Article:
Deadlines to File the Amended return. You generally must file an amended return within three years of the date you filed the original return or within two years after the date you paid the tax, whichever is later. Be sure to enter the year of the return you are amending at the top of Form 1040X
You can use e-tax preparation software to amend your return. In fact, TurboTax walks you step-by-step through amending your federal income tax return. However you still need to file and mail the amended return using Form 1040X manually. The IRS isn’t set up to accept an amended returns electronically.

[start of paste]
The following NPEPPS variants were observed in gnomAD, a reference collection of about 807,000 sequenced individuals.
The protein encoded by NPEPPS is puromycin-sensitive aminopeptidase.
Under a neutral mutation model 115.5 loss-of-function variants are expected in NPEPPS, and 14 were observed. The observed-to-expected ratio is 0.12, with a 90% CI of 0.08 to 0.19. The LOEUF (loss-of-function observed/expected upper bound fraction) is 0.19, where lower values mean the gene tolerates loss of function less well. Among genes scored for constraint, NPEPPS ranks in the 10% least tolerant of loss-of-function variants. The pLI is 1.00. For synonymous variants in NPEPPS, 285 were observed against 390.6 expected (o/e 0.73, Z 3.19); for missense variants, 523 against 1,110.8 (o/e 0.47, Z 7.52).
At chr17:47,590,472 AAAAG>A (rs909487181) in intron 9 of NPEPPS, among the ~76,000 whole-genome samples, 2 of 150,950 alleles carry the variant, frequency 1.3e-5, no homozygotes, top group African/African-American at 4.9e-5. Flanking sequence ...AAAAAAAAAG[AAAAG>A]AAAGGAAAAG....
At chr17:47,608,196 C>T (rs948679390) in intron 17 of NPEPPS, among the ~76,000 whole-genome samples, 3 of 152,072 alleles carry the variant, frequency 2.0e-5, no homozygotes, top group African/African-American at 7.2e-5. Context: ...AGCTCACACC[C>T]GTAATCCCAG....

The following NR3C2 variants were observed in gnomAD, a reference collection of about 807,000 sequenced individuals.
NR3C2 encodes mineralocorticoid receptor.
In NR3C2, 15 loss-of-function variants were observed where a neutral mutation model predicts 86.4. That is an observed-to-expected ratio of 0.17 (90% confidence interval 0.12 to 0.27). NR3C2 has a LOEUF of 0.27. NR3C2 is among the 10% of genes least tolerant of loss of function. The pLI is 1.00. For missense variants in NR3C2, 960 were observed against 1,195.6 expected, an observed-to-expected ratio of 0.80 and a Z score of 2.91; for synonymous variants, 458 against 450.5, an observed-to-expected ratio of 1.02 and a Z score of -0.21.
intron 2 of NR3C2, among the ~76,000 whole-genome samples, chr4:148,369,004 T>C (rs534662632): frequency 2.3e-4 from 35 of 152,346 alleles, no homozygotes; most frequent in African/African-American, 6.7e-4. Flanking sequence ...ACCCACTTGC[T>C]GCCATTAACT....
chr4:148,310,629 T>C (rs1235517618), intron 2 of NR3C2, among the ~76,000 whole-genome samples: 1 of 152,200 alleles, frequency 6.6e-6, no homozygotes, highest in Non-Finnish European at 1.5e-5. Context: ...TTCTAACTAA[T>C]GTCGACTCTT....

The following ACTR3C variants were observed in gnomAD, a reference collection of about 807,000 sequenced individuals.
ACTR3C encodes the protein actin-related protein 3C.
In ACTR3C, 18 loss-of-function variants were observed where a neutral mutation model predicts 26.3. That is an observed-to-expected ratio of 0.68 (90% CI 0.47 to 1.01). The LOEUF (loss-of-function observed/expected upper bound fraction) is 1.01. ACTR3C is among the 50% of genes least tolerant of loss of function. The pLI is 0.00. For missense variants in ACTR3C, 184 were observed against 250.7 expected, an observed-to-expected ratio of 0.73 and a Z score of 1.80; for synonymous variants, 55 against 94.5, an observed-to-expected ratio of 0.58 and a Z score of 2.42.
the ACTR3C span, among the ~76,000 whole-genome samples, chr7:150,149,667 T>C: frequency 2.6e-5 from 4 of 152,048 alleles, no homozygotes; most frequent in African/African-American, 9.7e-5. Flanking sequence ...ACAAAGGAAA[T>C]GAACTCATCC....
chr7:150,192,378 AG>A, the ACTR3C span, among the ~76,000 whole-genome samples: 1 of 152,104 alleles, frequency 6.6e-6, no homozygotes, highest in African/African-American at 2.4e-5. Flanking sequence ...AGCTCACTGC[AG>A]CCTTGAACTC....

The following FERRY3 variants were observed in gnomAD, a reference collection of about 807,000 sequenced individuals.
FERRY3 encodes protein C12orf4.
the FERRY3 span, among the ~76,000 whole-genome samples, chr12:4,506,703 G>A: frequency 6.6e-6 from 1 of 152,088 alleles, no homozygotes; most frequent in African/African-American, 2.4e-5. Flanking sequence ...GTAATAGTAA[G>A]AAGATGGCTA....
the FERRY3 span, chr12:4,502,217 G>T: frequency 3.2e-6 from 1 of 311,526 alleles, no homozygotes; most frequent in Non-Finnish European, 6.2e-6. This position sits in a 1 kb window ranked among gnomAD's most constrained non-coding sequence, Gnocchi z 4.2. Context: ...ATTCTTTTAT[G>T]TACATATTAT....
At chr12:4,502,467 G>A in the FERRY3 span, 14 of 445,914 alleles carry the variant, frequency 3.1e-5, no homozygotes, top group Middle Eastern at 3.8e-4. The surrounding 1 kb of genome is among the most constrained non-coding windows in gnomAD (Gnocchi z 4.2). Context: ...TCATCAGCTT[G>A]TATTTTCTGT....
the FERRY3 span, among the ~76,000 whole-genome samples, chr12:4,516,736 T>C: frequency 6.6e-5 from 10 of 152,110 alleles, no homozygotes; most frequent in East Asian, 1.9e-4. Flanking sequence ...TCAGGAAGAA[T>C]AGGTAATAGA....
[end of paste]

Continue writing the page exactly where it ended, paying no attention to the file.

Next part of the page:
If you are amending more than one tax return, prepare a 1040X for each return and mail them in separate envelopes to the IRS office for the area in which you live. The 1040X instructions list the addresses for the campuses. If the changes involve another schedule or form, you must attach it to the 1040X
Amending your state tax return. First, fill out an amended federal income tax return, Form 1040X. Then, get the proper form from your state and fill it out. Like the IRS, your state uses a special form for an amended return. Many states also use the X suffix for the form number. For example, California uses Form 540X and Hawaii uses Form N-188X. Don’t forget to attach a copy of your amended federal return (Form 1040X) to your amended state return.
- If you owe additional taxes for a past tax year, you should still file. Form 1040X and pay the tax as soon as possible to limit interest and penalty charges. Interest is charged on any tax not paid by the due date of the original return, without regard to extensions.